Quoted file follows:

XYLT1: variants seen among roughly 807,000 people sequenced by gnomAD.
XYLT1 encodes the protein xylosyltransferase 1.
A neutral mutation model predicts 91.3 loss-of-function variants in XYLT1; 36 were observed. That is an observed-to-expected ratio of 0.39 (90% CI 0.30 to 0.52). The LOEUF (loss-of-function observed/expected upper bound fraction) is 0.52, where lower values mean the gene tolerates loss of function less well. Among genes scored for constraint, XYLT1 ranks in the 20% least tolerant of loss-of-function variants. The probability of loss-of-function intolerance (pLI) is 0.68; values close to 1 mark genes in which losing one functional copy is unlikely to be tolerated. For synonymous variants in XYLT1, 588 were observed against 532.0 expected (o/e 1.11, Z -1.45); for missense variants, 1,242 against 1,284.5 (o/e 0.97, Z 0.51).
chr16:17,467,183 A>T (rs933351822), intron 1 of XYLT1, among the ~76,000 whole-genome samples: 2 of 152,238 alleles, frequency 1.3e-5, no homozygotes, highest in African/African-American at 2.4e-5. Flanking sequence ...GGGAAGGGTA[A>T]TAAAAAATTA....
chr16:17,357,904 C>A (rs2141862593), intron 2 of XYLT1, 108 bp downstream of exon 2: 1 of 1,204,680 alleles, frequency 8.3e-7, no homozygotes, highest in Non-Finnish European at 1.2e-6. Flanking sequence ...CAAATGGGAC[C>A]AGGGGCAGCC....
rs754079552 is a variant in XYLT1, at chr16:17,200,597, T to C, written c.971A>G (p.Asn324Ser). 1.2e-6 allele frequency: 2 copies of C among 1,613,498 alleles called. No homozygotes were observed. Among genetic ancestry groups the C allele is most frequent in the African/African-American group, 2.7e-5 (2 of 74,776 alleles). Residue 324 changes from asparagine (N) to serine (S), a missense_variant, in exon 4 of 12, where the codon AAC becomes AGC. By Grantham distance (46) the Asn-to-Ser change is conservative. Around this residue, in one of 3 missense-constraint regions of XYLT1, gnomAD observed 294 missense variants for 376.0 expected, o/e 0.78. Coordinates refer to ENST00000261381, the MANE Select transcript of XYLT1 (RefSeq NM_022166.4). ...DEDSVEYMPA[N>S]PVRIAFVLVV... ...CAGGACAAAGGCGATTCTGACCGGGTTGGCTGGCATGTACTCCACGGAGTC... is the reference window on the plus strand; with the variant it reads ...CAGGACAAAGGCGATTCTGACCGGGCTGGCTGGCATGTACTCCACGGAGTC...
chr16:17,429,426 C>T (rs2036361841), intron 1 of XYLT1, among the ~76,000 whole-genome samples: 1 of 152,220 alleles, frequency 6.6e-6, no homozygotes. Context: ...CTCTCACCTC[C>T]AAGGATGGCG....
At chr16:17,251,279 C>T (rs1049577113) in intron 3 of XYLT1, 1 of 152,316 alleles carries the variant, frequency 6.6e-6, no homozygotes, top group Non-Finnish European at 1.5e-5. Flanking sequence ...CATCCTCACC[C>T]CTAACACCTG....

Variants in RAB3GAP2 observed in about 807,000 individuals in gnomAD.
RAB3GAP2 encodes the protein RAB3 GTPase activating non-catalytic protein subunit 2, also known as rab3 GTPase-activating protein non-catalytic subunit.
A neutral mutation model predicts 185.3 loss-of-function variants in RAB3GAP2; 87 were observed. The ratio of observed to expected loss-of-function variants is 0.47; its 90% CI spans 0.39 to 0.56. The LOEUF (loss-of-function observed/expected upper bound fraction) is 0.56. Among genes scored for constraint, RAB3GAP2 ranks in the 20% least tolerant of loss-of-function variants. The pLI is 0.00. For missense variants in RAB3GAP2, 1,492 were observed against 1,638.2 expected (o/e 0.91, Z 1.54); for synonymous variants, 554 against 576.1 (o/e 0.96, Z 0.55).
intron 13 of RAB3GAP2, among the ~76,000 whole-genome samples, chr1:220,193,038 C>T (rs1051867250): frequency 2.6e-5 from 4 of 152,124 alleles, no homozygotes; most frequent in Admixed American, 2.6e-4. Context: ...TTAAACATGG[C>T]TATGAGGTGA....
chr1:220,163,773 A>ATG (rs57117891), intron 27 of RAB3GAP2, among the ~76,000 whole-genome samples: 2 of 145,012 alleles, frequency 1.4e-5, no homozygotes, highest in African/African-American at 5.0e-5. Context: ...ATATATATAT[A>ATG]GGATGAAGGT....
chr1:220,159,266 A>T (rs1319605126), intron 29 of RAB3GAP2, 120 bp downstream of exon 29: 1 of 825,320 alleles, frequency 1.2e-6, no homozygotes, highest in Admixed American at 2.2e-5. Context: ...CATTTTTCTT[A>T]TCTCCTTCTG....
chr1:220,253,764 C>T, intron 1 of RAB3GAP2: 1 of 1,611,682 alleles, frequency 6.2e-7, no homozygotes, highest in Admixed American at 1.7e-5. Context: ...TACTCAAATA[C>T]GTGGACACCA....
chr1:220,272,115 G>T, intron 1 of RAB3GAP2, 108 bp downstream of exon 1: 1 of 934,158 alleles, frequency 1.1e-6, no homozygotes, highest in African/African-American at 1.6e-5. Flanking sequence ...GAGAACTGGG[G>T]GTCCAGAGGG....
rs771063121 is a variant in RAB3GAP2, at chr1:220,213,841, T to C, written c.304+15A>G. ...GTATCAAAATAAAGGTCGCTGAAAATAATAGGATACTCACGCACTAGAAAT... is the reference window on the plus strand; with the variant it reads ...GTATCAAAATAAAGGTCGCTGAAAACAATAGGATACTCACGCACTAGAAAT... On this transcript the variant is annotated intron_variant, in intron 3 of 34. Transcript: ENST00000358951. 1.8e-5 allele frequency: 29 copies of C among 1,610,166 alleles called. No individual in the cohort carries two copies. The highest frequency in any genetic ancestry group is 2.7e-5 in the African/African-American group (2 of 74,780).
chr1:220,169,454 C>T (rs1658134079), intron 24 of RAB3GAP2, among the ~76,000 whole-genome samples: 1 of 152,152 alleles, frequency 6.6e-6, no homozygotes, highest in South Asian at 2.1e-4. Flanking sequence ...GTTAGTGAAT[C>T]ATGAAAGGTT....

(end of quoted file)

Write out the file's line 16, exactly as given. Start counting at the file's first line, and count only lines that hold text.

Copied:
chr1:220,272,115 G>T, intron 1 of RAB3GAP2, 108 bp downstream of exon 1: 1 of 934,158 alleles, frequency 1.1e-6, no homozygotes, highest in African/African-American at 1.6e-5. Flanking sequence ...GAGAACTGGG[G>T]GTCCAGAGGG....